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Performing At Altitude

Performing at altitude

VO2max is the body's maximal ability to extract oxygen from the air and deliver it to the tissues. Above 5000 feet the maximum work a person can do decreases by 3% for every 1,000 feet. This means your body's ability to utilize oxygen diminishes with increasing altitude. Even after acclimatization, this only improves a little bit and a person can never perform as well at altitude as they can at sea level. With increasing altitude, you need to take more air into your lungs, contributing to the breathless feeling that many athletes experience when first coming to altitude, and especially if trying to perform at the same intensity as at sea level. One of the processes in acclimatization important for athletes is the production of a hormone called EPO or erythropoietin. This hormone acts on the bone marrow to produce more red blood cells. These cells carry oxygen from the lungs to the tissues. Increasing these cells effectively increases the 'oxygen carrying capacity' in your blood. However, this process takes weeks. EPO is a big topic among competitive endurance athletes.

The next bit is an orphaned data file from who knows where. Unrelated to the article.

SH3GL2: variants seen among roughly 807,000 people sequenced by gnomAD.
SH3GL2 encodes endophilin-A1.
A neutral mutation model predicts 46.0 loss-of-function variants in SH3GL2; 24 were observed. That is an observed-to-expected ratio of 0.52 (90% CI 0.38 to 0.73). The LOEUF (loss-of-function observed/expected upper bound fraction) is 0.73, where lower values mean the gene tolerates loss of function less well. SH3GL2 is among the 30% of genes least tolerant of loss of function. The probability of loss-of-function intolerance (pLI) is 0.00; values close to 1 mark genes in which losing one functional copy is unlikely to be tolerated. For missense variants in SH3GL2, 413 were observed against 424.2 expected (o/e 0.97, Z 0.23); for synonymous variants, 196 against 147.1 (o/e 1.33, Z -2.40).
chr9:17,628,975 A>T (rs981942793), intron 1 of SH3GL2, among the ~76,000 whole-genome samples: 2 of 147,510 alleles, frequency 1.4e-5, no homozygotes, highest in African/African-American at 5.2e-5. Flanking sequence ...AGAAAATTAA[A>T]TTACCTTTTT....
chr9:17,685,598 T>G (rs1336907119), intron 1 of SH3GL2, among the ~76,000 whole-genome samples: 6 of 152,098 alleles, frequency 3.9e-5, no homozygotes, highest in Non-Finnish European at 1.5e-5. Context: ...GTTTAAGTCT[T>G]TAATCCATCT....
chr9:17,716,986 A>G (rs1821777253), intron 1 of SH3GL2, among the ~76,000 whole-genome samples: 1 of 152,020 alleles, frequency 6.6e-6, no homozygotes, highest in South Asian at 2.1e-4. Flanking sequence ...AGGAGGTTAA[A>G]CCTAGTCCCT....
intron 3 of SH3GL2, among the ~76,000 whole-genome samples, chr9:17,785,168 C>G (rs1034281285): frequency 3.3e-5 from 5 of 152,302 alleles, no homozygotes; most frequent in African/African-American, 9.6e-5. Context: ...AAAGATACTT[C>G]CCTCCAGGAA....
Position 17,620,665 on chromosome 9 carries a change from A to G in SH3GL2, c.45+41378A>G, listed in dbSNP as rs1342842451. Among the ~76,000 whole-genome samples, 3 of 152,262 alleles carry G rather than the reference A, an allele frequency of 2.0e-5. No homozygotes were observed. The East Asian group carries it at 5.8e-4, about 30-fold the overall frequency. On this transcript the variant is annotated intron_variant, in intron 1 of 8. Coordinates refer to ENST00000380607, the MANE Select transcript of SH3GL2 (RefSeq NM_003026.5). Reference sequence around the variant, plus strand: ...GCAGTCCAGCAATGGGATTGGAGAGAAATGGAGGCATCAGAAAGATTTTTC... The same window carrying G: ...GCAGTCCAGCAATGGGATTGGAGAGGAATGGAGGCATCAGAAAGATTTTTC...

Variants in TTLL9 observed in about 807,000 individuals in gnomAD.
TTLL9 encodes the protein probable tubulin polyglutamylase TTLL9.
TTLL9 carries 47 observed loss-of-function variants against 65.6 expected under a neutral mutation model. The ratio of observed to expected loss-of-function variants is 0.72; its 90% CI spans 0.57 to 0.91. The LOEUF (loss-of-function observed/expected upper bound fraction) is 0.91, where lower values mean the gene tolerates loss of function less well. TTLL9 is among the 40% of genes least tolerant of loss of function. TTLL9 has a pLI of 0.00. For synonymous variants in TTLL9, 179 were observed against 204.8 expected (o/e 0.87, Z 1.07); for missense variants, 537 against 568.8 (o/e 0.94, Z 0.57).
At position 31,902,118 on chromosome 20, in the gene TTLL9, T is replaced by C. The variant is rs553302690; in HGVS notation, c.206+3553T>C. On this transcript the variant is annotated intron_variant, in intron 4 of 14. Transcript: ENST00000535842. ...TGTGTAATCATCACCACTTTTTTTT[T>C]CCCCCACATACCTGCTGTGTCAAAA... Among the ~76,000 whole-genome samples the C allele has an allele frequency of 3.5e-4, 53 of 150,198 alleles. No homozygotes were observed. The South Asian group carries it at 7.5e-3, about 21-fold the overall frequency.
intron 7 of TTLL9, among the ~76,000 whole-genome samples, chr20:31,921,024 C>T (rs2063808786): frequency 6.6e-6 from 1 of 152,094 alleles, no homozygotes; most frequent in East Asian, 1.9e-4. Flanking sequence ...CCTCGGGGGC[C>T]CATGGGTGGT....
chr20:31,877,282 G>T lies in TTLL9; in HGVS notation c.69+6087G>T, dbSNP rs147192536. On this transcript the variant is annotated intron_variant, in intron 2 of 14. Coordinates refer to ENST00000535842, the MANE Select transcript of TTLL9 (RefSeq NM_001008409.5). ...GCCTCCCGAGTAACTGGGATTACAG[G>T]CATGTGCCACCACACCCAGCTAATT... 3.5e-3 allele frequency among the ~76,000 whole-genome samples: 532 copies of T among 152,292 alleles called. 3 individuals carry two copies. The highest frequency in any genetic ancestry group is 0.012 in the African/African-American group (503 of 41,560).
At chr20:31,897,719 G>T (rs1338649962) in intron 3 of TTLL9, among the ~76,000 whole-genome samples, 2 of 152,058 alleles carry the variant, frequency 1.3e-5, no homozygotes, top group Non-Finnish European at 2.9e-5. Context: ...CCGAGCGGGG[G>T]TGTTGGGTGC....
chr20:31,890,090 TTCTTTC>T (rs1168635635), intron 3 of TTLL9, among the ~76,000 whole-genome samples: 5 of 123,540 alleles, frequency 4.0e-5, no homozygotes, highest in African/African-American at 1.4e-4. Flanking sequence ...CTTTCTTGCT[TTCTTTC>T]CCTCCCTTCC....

For those athletes doing aerobic events over 5000 feet, 10-20 days of acclimatization at the performing altitude is ideal. Athletes participating in events over 12,000 feet must have acclimatization at an intermediate altitude prior to performance. Performing without acclimatization at this altitude could cause altitude sickness. Those participating in anaerobic sports (short intense events lasting less than 2 minutes, such as sprinting) at altitude do not require extended acclimatization, and may perform better because of lower air density.